I was recently thinking about what it means to put structure on a set. It seems to me that, in my area (representation theory), the two main ways of imposing structure on a set $X$ are:
- distinguishing certain permutations of $X$ as structure preserving;
- distinguishing certain test functions (here I think of $X \to \mathbb C$, but that's just because it fits my example) are structure respecting.
For example, given a manifold, we can look at the diffeomorphisms among its permutations, or the smooth functions among its test functions; and, given a vector space, we can look at the linear automorphisms among its permutations, or the functionals among its test functions. Under reasonable hypotheses, the test-functions perspective (more 'analysis'-flavoured, maybe) determines the structure; but does the group perspective (more 'geometry' / Erlangen-flavoured)?
A colleague pointed out that, for manifolds, the diffeomorphism group does determine the manifold, in a very strong sense: http://www.ams.org/mathscinet-getitem?mr=693972. Given that success, I was moved to ask: does the linear automorphism group determine the vector space?
Here's one way of making that informal question precise. Suppose that $V_1$ and $V_2$ are vector spaces (over $\mathbb C$, say) with the same underlying set $X$, and that the set of permutations of $X$ that are linear automorphisms for $V_1$ is the same as the analogous set for $V_2$. Then are $V_1$ and $V_2$ isomorphic?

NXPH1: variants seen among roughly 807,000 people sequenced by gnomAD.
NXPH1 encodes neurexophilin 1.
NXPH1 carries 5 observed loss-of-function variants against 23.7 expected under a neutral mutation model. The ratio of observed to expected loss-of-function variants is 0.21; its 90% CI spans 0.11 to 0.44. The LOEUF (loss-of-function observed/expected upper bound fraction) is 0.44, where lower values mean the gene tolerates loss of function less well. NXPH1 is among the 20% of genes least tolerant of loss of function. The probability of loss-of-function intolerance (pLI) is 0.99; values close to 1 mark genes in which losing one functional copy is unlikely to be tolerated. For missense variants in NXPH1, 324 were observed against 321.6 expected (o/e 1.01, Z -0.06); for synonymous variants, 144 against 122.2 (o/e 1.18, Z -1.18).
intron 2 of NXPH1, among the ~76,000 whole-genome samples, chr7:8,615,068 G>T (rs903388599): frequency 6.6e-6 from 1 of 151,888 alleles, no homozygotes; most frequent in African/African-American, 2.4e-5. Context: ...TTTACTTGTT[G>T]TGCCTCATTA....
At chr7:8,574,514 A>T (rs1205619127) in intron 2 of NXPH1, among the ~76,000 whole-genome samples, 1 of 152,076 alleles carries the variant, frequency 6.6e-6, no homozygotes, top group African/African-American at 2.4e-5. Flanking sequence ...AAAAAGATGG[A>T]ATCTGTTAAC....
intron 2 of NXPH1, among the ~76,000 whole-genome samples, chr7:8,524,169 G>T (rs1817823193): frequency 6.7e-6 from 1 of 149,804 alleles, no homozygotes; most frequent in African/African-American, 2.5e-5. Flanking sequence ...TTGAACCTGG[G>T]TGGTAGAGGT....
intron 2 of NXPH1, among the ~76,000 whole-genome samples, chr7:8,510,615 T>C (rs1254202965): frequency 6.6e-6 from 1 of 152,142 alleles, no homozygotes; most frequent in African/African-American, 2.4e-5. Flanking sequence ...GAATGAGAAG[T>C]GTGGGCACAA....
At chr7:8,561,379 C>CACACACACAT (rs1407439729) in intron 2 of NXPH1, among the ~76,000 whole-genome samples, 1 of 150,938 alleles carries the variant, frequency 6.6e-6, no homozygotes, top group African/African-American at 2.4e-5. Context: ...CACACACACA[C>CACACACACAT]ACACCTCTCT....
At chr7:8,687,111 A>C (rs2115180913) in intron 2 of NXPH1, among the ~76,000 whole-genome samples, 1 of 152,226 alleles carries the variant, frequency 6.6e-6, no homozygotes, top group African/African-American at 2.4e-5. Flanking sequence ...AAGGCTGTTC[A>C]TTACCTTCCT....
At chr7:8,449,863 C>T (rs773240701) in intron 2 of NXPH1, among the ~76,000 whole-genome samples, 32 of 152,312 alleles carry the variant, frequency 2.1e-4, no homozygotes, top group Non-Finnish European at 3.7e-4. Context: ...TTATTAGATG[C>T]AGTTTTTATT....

Another colleague, and The Masked Avenger, both thought of the axiom of choice when I asked this question; but I'm not sure I see it. It's just a curiosity, so I have no particular investment in whether answers assume, negate, or avoid choice.
EDIT: Since I think it may look like I am making some implicit assumptions, I clarify that I do not mean to assume that the vector spaces are finite dimensional, or that the putative isomorphism from $V_1$ to $V_2$ must be the identity as a set map of $X$. Thus, for example, Theo Johnson-Freyd's example (https://mathoverflow.net/a/186494/2383) of letting $X$ be $\mathbb C$, and equipping it with both its usual and its 'conjugate' $\mathbb C$-vector space structure, is perfectly OK.